For the common detractors of Shyamalan’s unique (to put it mildly) style and execution, or those who get a real so-bad-it’s-good kick out of his numerous trademarks, Old is an absolute goldmine of awkwardness. The typical overwritten Shyamalan dialogue is out in full force here, combined with extremely odd character eccentricities that could only come from this filmmaker’s mind – one of the children’s hobbies is to go to random strangers and ask them who they are and what they do for a living, as you do – and random asides during important sequences, like one character’s sudden obsession with finding out the name of a movie that Jack Nicholson and Marlon Brando starred in together, in the middle of a life-saving surgery (admittedly, there is a reason for this strange change in behaviour with this character, but that hasn’t exactly been revealed by that point, so at first it comes across as incredibly strange). A number of the performances also vary from being really strong to rather awkward, not quite to the extent of Mark Wahlberg in The Happening but still very out of place for even this bizarre world that they’ve become a part of. While you have young actors like Thomasin McKenzie and Alex Wolff who are selling their absolute horror at the situation they’re in, you’ll also get some odd inflictions from people like Gael García Bernal and Vicky Krieps who you can often tell are struggling a little bit with the English language – or at least, the English language according to Shyamalan.

There really is something for M. Night Shyamalan fans of all types in Old; you can either marvel at the sheer creativity that has gone into some of these ideas, or be baffled by the onslaught of awkwardness that comes from parts of its execution. Then, there’s the final rug-pull of a twist (because, y’know, it’s Shyamalan) which is, to say nothing about what it entails, surprising to say the least. Whether it’s really smart or really dumb isn’t the point, but it’s more about how much you’re willing to accept as a partial explanation of everything that’s going on, within the world that has already been established. For me, I was having enough fun going on this wild and intense ride of a movie, which did leave me at least open to how certain things work, despite some of it not entirely making a lot of sense. It also has the problem of having one too many endings, which undermine the impact of the previous conclusion every single time, and makes the eventual finishing line feel much further away than it actually is.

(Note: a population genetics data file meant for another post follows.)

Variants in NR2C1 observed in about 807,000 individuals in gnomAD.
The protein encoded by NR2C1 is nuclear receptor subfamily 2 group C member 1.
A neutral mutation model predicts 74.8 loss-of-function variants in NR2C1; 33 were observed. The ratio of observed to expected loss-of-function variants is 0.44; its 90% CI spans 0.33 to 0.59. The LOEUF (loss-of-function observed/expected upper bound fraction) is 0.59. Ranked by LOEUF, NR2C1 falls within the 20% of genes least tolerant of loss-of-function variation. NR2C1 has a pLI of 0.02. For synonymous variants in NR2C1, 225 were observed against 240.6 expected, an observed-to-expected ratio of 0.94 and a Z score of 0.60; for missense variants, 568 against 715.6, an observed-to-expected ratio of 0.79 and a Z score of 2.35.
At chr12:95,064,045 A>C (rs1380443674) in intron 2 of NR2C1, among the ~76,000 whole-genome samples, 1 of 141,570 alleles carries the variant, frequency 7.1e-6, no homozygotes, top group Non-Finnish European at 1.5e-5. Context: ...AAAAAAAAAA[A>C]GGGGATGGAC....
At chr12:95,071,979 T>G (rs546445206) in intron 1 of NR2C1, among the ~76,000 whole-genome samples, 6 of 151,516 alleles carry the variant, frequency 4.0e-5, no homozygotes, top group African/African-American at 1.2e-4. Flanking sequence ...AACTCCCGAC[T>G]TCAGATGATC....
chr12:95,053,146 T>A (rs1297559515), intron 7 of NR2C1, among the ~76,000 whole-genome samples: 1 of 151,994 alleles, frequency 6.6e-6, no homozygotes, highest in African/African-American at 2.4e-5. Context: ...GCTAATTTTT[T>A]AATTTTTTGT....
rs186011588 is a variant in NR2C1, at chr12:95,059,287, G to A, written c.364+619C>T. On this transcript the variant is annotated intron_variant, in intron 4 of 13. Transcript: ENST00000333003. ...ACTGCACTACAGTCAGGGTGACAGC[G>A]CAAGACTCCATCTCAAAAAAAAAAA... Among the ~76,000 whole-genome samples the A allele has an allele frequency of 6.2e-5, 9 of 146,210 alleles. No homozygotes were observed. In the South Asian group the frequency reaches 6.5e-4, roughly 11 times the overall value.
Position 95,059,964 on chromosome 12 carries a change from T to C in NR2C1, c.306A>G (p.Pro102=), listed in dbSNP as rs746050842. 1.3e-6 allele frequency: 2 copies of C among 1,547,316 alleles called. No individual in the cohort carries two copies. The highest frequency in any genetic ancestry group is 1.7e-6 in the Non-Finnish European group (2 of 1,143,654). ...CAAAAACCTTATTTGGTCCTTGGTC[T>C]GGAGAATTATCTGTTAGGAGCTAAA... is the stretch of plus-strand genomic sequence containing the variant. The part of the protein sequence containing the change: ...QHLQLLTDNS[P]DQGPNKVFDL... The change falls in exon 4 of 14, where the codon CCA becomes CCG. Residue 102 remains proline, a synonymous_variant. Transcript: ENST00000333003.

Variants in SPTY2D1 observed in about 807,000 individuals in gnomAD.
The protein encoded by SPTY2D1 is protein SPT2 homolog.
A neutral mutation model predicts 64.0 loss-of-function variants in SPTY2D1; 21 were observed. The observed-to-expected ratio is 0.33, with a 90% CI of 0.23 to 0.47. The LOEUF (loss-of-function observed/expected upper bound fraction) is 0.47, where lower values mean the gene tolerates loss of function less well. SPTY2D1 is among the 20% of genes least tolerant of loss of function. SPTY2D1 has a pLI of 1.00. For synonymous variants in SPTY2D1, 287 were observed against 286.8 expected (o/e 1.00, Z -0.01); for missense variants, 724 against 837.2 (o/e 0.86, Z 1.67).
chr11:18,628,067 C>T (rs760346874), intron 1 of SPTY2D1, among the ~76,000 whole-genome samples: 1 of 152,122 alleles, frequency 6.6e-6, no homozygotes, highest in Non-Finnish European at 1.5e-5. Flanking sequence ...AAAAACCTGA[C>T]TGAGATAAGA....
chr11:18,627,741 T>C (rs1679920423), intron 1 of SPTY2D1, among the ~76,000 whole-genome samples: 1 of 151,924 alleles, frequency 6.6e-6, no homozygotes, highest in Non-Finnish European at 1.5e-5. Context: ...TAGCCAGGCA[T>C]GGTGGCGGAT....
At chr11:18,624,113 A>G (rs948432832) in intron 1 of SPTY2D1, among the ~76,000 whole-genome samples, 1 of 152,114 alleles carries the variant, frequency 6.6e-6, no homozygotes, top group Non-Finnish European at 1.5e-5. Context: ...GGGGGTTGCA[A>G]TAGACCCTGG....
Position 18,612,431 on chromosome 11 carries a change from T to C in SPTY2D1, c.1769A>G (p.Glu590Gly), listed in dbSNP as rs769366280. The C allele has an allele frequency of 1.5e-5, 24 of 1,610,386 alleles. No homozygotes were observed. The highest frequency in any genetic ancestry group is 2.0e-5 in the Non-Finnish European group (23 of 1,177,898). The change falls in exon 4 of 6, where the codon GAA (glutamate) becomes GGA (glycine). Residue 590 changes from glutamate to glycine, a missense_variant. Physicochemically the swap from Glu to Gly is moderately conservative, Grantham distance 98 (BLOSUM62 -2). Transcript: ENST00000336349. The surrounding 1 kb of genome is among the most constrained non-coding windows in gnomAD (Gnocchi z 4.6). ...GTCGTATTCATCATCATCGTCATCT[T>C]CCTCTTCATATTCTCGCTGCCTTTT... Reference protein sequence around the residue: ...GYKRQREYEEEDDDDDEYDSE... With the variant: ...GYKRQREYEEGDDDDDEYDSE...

Although it brings out the best and not-so-best qualities of this filmmaker, Old is proof that while he might be hit-and-miss with a lot of people, M. Night Shyamalan still knows how to make an entertaining movie, regardless of its quality.

SO, TO SUM UP…

Old is a fascinating and entertainingly baffling new entry from M. Night Shyamalan, who brings out his best and most mockable tendencies in a film that has an incredibly creepy premise but a delightfully awkward execution.

Old is now showing in cinemas nationwide – click here to find a screening near you!